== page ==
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Arnold School of Public Health

  • Darby Mihelich

Air Force legacy to follow in family footsteps as public health officer

May 13, 2024 | Erin Bluvas,

With her elementary school years spent in California and the past 10 in the Midlands, there was a constant theme in Darby Mihelich’s bicoastal upbringing: service. As members of the United States Air Force, Mihelich’s parents inspired her to pursue a career as a public health officer in the military branch that had become a second home to them all.

“Hearing her stories of duty in Southwest Asia, where she protected personnel from biohazards and provided aid, made a big impact on me,” Mihelich says of her mother, who served as a bioenvironmental engineer. “Despite her frequent deployments, she always stressed the importance of keeping both airmen and civilians safe and healthy.”

My experience at USC has been nothing short of fantastic (and) has provided me with an enriching and dynamic environment to grow academically, socially and personally.

Darby Mihelich

It felt like a natural choice for Mihelich to follow in the footsteps of her two older sisters and attend USC for her bachelor’s degree. The public health major has spent the past four years amassing enriching experiences and lifelong memories.

A two-month Public Health in the Tropics Internship took Mihelich to Kenya, where she worked with HIV-positive mothers and children as a part of the pediatric unit in the School for International Training. She used epidemiology to address factors contributing to malnutrition rates and health promotion to emphasize the importance of the local vaccination and nutritional programs.

“This immersive experience inspired me to join the Maternal and Child Health Student Association, where I've connected with doctoral students and further deepened my involvement in the field,” Mihelich says.

Darby Mihelich
Darby Mihelich graduates in May with a B.A. in Public Health.

She also traveled to Costa Rica with the Foundation for International Medical Relief of Children, where she helped facilitate access to primary care services, led health education initiatives, taught children vital oral hygiene practices and empowered women through self-defense classes. “These diverse experiences have not only broadened my perspective but have also fueled my passion for making a positive impact in public health,” Mihelich says.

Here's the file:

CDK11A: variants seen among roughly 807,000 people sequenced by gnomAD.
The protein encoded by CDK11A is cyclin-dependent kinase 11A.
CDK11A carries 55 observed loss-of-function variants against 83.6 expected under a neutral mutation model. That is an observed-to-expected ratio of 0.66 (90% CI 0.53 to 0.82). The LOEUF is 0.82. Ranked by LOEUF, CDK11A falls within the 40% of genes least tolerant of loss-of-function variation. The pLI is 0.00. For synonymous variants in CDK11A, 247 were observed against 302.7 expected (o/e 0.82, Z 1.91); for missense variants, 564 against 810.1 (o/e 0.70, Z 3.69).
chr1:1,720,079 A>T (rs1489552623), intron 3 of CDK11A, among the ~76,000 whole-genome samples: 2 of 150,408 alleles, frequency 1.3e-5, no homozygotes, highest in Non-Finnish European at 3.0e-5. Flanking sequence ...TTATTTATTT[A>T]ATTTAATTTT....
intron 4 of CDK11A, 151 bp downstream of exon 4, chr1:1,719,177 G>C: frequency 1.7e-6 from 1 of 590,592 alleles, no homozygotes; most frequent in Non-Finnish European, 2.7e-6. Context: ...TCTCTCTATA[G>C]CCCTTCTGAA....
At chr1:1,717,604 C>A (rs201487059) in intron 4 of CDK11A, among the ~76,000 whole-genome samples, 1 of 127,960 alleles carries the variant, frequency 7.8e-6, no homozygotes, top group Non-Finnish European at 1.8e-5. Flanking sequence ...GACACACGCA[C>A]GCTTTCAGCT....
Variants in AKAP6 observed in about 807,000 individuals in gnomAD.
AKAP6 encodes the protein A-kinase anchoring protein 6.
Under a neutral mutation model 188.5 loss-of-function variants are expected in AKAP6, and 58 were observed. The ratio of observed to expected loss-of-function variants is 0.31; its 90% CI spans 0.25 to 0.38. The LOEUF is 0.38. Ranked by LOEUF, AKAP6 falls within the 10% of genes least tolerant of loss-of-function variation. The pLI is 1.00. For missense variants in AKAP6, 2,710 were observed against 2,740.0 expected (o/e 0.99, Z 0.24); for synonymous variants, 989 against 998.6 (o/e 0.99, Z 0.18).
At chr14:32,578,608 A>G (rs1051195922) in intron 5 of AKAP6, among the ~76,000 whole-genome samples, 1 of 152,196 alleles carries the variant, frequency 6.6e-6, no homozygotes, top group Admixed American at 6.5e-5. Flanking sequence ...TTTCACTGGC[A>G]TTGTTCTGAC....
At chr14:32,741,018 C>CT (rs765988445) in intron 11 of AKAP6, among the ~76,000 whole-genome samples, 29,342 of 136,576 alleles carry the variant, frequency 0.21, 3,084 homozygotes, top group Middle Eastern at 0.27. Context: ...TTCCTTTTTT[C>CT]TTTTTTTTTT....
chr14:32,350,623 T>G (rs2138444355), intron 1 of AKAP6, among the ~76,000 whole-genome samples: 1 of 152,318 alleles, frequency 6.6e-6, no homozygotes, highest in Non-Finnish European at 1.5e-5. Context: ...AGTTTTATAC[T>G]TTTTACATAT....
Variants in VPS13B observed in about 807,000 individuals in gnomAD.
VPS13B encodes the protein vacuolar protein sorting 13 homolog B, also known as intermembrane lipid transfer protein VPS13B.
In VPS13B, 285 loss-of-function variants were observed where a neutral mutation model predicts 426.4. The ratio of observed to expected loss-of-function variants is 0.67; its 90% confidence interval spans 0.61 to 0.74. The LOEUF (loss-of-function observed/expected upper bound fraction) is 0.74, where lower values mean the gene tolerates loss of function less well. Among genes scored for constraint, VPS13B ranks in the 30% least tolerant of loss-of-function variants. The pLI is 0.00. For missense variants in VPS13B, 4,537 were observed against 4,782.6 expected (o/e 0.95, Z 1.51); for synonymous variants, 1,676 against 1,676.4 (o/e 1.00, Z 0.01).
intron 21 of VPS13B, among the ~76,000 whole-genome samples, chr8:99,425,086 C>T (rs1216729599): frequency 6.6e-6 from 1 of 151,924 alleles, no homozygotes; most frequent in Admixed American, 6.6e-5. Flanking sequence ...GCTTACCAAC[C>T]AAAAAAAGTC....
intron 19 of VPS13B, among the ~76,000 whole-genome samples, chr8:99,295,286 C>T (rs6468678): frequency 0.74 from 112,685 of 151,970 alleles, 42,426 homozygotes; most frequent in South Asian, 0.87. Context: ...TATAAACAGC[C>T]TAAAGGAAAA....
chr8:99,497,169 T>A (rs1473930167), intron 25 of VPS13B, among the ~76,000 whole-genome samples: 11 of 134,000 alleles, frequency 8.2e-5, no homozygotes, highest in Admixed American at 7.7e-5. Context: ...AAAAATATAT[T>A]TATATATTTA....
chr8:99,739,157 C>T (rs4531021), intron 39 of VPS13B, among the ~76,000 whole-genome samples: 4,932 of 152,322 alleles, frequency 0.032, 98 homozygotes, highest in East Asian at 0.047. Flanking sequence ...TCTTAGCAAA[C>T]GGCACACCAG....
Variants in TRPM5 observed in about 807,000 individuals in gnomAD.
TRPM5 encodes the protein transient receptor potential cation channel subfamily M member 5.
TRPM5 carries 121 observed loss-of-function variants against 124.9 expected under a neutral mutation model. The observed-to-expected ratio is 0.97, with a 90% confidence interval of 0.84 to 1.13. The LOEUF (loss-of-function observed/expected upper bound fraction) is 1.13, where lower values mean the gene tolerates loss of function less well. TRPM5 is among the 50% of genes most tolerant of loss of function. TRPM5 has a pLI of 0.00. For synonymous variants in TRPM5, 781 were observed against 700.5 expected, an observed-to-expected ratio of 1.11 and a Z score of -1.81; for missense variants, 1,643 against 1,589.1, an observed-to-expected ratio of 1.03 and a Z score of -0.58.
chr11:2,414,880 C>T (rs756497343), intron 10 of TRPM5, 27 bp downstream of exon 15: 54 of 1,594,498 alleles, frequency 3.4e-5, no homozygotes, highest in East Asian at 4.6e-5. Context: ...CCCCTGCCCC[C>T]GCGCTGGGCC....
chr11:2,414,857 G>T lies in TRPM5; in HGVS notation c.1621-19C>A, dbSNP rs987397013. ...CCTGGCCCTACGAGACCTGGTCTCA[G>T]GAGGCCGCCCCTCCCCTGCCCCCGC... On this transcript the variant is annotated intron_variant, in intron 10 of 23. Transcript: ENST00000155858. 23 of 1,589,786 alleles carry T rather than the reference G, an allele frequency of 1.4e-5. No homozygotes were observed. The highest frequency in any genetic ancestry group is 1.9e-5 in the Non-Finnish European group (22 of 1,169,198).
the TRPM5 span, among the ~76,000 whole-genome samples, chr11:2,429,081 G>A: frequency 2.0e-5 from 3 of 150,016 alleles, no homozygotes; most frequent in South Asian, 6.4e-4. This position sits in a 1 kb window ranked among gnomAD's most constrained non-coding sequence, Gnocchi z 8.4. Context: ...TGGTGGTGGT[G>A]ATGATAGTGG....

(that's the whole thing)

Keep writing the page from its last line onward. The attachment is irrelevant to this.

Closer to home, she found joy in her campus life as well as living in the state’s capital city. From the array of available clubs and organizations to energy-charged sport competitions, Mihelich has loved that there are always new interests to explore, events to attend and challenges to tackle.

“My experience at USC has been nothing short of fantastic, and Columbia serves as the ideal setting for college life that caters perfectly to students,” she says. “There’s always something exciting happening on campus, and one of the things I appreciate most is the increasing diversity I've noticed, which has enriched my interactions and broadened my perspectives. USC has provided me with an enriching and dynamic environment to grow academically, socially and personally.”

Her time at the Arnold School played a big role in Mihelich’s college experience as well.

“What I loved most is how expansive the field of public health is – it offers countless opportunities whether you're interested in business, health care, speech pathology, or any other area,” she says. “Public health truly surrounds us and delving into it provides valuable insights into understanding communities and the factors shaping them.”

Public health truly surrounds us and delving into it provides valuable insights into understanding communities and the factors shaping them.

Darby Mihelich

An insider tip from Mihelich: actively engage with professors and build connections with them as these individuals offer not just academic guidance but also real-world insights and networking opportunities that can greatly enhance learning experiences and career prospects. For Mihelich, those mentors were epidemiology professor Anthony Alberg and instructor Kersten Cope.

“Dr. Alberg's expertise in epidemiology has not only deepened my understanding of the field but also inspired me to pursue my passion for it further,” Mihelich says of the department chair, who also helped steer her academic and professional aspirations. “Ms. Cope holds a special place in my heart as one of my favorite professors. Over the years, she has witnessed my growth firsthand and has been a constant source of encouragement and wisdom.”

With support from her mentors, the May graduate has firmed up her next steps. She will enroll in the Master of Public Health in Epidemiology program at George Washington University this fall. Then she’ll return to the family tradition of serving in the U.S. Air Force.

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